Malaria epidemic is increasing every year, most of the targeted patients are children in sub-Saharan Africa, where new diagnostic methods are needed most. According to the latest World Malaria Report (November 2017), there were 216 million cases of malaria in 2016, an increase compared to 211 million cases in 2015. The projected number of 445 000 malaria deaths occurred in 2016. Fifteen countries in sub-Saharan Africa carry 80% of the global malaria burden. Currently, detecting malaria include blood sample and a diagnostic center to test it. However, new research is revealing that it may be possible to diagnose malaria via non-invasive technique. Recent ongoing research led by Dr. Audrey Odom John of Washington University School of Medicine and his team introduces the probability for a malaria breathalyzer with the ability to automatically detect the infection.
According to Dr. Audrey Odom John, many bacteria, fungi, and parasites produce smells just like flowers and fruits, and the flavor and fragrance industry already makes use of high-tech mass spectrometers to identify the compounds that contain the typical characteristics of foods, drinks, and cosmetics. Dr. Audrey is looking forward to implement similar observations for the latest study to detect malaria.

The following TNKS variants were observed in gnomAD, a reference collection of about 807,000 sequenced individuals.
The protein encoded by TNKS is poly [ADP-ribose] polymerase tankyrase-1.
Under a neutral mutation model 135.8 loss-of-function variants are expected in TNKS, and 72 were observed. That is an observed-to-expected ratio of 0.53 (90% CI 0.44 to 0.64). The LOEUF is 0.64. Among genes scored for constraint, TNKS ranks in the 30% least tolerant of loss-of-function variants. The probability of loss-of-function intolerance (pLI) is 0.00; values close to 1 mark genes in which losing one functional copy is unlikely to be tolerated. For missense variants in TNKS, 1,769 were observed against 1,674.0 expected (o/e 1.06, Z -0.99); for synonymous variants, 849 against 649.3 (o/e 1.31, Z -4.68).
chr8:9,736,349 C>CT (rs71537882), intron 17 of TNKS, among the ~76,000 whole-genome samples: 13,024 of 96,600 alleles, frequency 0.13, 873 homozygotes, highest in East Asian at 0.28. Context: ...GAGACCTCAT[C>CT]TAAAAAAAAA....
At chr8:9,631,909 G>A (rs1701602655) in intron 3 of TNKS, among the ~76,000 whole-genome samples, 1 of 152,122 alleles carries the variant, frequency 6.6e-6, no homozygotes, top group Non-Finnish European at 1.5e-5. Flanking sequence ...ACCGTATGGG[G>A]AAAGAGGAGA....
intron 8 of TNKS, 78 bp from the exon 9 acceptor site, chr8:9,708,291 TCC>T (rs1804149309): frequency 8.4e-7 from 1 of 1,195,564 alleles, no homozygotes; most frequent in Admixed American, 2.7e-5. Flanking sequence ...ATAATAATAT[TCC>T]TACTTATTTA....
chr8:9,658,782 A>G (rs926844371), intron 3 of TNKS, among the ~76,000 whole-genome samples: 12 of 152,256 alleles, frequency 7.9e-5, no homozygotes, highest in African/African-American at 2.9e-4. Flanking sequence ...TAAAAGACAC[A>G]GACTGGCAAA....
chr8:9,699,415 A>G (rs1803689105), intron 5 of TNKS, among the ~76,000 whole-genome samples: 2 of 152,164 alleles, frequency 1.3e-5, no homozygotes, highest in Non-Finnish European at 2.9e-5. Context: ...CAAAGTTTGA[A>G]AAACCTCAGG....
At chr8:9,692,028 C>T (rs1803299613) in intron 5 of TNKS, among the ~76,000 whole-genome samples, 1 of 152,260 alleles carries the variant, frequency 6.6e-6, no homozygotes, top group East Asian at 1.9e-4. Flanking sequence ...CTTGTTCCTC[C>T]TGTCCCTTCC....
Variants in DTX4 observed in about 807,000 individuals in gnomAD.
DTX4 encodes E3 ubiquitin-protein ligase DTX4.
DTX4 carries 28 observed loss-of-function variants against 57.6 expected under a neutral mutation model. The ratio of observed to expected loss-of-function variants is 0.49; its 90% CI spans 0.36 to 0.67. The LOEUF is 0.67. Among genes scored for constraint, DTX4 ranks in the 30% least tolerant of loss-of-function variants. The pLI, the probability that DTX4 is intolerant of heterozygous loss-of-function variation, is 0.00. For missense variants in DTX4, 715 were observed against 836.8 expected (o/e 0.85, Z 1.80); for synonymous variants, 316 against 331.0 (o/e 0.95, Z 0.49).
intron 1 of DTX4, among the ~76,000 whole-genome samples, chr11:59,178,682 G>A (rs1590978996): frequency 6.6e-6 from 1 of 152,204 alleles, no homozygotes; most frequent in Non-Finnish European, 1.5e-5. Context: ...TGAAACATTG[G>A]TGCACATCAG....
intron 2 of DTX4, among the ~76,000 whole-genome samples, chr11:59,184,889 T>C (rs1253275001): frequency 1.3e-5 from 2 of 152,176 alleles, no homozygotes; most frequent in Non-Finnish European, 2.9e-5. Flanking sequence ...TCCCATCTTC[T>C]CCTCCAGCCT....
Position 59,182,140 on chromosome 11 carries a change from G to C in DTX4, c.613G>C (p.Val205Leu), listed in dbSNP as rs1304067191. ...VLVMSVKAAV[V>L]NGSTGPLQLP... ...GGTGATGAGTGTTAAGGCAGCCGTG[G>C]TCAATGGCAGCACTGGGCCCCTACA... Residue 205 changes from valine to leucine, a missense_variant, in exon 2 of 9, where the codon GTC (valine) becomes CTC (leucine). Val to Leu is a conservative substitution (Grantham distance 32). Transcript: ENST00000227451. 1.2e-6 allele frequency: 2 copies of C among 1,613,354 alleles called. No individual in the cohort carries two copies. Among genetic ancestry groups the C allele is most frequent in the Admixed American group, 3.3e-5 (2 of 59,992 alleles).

The findings, published in The Journal of Infectious Diseases in 2018, revealed that there were significant changes to the compounds which were present in the breath of children suffering from malaria compared to children who didn’t have malaria. The team has been able to pinpoint six biomarkers, namely methyl undecane, dimethyl decane, trimethyl hexane, nonanal, isoprene, and tridecane, to diagnose malaria. These six biomarkers led to the classification of malarial infection status with 83% accuracy (94% specificity and 71% sensitivity). The study stated that there could be higher levels of mosquito-attracting compounds in the breath of children suffering from malaria, paving access to increased likelihood of getting bitten by mosquitos. Hence, these parasites might be intentionally influencing mosquito behavior to increase transmission.
Although the study requires furthermore data and information to conclude successfully, it could offer an innovative, cheap, and easy way to help diagnose malaria. A malaria breathalyzer would be significantly helpful, especially in rural areas and places in sub-Saharan Africa. This could pave the way for a simple, affordable, and accurate tool to aid in the survival of infants and children in developing countries where lab tests may be difficult to conduct.
– Victor Mukherjee,
Assistant Manager (Healthcare),